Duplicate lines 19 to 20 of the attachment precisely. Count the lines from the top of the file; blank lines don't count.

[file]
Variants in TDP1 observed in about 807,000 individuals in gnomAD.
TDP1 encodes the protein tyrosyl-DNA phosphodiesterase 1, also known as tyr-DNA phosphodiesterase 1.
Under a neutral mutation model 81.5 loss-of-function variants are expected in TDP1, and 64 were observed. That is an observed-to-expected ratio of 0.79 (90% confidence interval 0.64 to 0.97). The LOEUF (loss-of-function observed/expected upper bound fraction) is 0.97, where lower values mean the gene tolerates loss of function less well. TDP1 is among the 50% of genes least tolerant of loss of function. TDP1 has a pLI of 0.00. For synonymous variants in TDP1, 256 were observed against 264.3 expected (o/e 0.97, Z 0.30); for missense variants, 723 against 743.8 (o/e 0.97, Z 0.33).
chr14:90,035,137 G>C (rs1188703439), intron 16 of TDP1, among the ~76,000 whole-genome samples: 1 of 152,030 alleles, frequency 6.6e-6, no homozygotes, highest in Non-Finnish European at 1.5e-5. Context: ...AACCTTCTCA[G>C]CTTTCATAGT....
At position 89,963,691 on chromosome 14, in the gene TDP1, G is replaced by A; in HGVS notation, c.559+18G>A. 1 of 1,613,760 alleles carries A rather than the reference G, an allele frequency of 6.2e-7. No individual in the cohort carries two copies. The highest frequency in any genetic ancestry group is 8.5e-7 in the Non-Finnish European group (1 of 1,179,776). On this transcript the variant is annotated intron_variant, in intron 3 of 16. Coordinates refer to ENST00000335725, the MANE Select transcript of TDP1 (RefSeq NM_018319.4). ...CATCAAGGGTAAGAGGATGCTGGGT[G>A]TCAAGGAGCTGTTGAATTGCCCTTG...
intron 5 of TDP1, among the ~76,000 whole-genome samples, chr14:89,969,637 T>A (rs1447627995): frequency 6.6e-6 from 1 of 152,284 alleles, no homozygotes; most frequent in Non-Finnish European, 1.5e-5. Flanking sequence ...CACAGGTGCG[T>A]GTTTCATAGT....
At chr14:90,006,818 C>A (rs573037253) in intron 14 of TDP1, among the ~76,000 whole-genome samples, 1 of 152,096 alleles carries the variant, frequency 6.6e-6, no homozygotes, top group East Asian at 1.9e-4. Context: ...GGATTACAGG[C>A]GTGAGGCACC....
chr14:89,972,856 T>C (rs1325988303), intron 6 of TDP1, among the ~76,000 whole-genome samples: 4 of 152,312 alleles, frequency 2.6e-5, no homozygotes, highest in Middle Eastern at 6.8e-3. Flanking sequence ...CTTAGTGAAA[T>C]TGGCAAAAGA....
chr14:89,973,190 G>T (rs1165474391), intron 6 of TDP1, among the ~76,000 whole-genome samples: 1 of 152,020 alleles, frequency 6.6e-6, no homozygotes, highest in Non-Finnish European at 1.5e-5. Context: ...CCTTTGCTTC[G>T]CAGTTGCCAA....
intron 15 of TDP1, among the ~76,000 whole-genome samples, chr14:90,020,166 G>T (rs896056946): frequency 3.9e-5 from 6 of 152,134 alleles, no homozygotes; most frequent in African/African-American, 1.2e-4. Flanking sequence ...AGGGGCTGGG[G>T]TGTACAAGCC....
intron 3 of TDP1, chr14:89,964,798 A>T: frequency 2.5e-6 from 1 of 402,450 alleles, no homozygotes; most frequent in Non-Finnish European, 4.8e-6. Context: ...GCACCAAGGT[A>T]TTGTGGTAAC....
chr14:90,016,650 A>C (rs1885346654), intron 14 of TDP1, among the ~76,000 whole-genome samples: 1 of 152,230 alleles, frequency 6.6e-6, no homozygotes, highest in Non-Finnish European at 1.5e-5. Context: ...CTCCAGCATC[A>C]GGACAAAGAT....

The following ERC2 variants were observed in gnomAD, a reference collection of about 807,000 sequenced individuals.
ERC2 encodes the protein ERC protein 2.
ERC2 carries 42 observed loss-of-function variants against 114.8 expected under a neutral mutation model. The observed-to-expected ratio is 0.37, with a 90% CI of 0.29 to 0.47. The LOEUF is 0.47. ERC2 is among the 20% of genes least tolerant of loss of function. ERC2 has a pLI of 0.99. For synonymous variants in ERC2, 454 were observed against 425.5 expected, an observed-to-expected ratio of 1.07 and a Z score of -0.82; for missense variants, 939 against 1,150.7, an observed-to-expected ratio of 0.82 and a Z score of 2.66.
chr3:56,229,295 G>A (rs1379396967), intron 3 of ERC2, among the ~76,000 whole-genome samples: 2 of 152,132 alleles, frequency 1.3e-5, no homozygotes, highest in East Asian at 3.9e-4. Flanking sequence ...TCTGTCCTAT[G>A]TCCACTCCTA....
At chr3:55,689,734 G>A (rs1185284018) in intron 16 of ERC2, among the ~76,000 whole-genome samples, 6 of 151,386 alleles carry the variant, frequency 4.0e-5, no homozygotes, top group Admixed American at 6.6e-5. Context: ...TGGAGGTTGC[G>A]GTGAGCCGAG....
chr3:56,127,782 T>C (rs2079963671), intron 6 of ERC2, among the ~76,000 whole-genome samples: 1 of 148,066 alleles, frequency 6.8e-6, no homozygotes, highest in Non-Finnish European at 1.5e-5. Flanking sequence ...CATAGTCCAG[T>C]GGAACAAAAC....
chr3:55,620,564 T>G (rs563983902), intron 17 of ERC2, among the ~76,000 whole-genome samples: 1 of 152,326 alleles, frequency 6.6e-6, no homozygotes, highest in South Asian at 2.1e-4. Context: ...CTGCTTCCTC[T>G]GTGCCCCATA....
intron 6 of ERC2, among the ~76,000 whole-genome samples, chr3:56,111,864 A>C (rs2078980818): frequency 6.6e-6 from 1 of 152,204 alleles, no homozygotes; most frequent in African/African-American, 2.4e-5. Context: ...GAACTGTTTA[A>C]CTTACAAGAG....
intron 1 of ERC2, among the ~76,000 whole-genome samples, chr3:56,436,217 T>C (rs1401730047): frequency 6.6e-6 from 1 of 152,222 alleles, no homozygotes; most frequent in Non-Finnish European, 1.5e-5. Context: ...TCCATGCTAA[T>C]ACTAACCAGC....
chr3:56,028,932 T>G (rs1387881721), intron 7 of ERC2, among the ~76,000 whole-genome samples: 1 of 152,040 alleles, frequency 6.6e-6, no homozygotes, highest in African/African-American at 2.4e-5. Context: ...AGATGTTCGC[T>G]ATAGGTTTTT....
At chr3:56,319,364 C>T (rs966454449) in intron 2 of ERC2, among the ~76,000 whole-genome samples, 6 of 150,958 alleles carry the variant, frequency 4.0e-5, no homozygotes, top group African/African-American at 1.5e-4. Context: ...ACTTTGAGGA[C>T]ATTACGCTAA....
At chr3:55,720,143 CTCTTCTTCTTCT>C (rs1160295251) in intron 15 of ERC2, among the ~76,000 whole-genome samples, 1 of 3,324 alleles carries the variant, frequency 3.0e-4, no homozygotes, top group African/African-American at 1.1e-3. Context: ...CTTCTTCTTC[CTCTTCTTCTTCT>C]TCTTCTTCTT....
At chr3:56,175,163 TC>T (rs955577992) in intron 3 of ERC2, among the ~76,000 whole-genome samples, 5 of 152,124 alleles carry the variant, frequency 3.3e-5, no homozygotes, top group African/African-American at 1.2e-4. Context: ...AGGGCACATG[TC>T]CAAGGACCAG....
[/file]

chr3:55,620,564 T>G (rs563983902), intron 17 of ERC2, among the ~76,000 whole-genome samples: 1 of 152,326 alleles, frequency 6.6e-6, no homozygotes, highest in South Asian at 2.1e-4. Context: ...CTGCTTCCTC[T>G]GTGCCCCATA....
intron 6 of ERC2, among the ~76,000 whole-genome samples, chr3:56,111,864 A>C (rs2078980818): frequency 6.6e-6 from 1 of 152,204 alleles, no homozygotes; most frequent in African/African-American, 2.4e-5. Context: ...GAACTGTTTA[A>C]CTTACAAGAG....